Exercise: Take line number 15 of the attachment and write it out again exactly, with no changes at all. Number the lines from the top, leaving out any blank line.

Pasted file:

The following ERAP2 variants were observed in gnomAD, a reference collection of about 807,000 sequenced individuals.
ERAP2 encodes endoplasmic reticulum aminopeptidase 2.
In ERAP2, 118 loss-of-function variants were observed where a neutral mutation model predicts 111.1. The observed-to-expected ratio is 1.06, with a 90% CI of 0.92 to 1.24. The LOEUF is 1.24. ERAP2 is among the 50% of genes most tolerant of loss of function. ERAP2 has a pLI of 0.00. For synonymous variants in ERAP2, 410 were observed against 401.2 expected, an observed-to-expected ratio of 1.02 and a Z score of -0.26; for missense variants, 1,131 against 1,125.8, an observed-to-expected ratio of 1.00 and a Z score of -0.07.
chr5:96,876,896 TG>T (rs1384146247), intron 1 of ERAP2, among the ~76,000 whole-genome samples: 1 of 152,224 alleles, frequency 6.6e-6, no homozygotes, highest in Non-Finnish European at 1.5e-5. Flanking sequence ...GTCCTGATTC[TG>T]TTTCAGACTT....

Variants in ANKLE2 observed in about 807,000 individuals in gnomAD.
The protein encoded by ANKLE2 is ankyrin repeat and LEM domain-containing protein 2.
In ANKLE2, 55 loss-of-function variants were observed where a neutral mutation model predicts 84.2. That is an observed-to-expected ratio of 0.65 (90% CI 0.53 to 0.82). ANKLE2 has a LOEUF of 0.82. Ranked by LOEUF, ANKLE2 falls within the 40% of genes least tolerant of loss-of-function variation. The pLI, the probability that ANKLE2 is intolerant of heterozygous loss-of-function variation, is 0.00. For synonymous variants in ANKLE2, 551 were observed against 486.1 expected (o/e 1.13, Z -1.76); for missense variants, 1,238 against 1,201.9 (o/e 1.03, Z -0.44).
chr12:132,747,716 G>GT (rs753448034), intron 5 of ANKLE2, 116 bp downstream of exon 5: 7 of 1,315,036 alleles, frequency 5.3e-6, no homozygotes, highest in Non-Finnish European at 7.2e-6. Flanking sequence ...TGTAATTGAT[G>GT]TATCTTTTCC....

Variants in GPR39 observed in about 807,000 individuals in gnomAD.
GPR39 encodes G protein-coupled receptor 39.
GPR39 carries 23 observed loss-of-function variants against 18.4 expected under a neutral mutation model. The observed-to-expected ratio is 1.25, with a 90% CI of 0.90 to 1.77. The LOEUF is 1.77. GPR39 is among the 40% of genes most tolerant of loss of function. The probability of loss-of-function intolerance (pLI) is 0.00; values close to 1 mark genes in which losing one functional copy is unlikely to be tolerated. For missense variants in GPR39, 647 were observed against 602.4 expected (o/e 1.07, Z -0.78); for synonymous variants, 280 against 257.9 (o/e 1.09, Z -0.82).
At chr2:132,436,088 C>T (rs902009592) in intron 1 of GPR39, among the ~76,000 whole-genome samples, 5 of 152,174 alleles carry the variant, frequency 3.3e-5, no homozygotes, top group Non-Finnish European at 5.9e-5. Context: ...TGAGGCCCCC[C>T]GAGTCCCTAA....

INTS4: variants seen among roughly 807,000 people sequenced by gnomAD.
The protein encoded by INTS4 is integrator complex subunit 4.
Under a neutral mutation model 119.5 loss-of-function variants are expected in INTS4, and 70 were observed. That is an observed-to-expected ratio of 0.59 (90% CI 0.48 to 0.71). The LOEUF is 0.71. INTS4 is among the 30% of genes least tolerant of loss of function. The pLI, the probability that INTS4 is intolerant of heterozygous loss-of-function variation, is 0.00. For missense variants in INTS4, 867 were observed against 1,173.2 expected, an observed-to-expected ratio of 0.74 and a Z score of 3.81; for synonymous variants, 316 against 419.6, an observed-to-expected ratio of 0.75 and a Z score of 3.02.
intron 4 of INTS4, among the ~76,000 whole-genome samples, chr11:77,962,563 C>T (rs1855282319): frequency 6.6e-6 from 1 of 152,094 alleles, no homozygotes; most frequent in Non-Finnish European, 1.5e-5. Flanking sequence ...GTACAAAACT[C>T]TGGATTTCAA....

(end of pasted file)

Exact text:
Under a neutral mutation model 119.5 loss-of-function variants are expected in INTS4, and 70 were observed. That is an observed-to-expected ratio of 0.59 (90% CI 0.48 to 0.71). The LOEUF is 0.71. INTS4 is among the 30% of genes least tolerant of loss of function. The pLI, the probability that INTS4 is intolerant of heterozygous loss-of-function variation, is 0.00. For missense variants in INTS4, 867 were observed against 1,173.2 expected, an observed-to-expected ratio of 0.74 and a Z score of 3.81; for synonymous variants, 316 against 419.6, an observed-to-expected ratio of 0.75 and a Z score of 3.02.